What’s more, Internet giants like Facebook, Google, and Amazon are taking hardware matters into their own hands as their data centers deal with exploding demand. It wouldn’t be much of a stretch to see them developing their own optical systems to improve bandwidth. Because of the increasing use of big-data analytics and machine learning, Wright-Gladstein says, enterprises “are just sending more and more data between servers in a data center.” She adds that optical equipment vendors and tech companies are “trying to get these key data centers as their customers.”
It all adds up to an immense opportunity for Ayar Labs and its competitors. Indeed, the field of “silicon photonics”—which brings the advantages of silicon chips to optical devices and networks—has made big strides in the past decade. And its commercial growth seems fastest in the data center market. An example is Acacia Communications, an optical networking company based in the Boston area—and the region’s only tech IPO of 2016. Acacia (NASDAQ: ACIA) uses silicon photonics to make faster and more efficient communication equipment for telecom and Web service providers, in particular to connect between data centers.
Bill Aulet, head of the Martin Trust Center for MIT Entrepreneurship, knows Ayar Labs from its early days, as he is involved with the Energy Ventures class and the Clean Energy Prize. “It is a company with extraordinary potential but some real challenges in the nature of the business, the chip business,” he says. “This is a capital-intensive, long-lead-time business. But they have a strong team and a breakthrough technology and understand that this will take a while.”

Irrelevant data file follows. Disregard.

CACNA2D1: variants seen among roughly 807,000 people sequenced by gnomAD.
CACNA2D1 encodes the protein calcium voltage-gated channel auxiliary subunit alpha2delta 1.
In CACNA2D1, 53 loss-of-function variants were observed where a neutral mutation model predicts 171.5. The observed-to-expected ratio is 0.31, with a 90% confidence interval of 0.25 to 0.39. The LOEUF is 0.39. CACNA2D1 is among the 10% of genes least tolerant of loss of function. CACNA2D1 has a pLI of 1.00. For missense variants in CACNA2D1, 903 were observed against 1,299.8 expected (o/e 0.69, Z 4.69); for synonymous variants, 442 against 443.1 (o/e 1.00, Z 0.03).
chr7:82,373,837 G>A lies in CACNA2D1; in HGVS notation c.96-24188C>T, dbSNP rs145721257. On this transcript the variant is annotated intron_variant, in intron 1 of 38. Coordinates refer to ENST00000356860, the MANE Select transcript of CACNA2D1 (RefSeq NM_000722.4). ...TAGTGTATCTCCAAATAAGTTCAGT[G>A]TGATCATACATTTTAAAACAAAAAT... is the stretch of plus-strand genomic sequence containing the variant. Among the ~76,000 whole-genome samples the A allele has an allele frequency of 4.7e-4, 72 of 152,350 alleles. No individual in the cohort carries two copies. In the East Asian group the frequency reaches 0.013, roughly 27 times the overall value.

For Ayar Labs, the future will come down to hard work, adaptability, and attention to details. Its core enabling technology works, Wright-Gladstein says. “Now we are focused on demonstrating packaging and laser module manufacturing approaches that scale up in volume and down in cost.”
Ultimately, the company’s technology could also be applied in areas such as supercomputers, Lidar and sensing, and healthcare. “It’s a pretty basic innovation, so you can also do a lot of things with it,” she says. “We think data center applications is the way to start.” She adds that in the company’s early days, there was “a lot of debate” over which market to go after first.
Another interesting note: Wright-Gladstein’s original thinking on energy efficiency has taken a bit of a back seat, the way most startups shift from their initial motivations. Over the past year, she says, talking with optical equipment vendors and data center managers has made her team realize that reliability, not efficiency, should be the top priority for their product.
“Energy efficiency is important, but it’s a distant second,” she says. “That made us go back to the drawing board about how we’re building our first product.”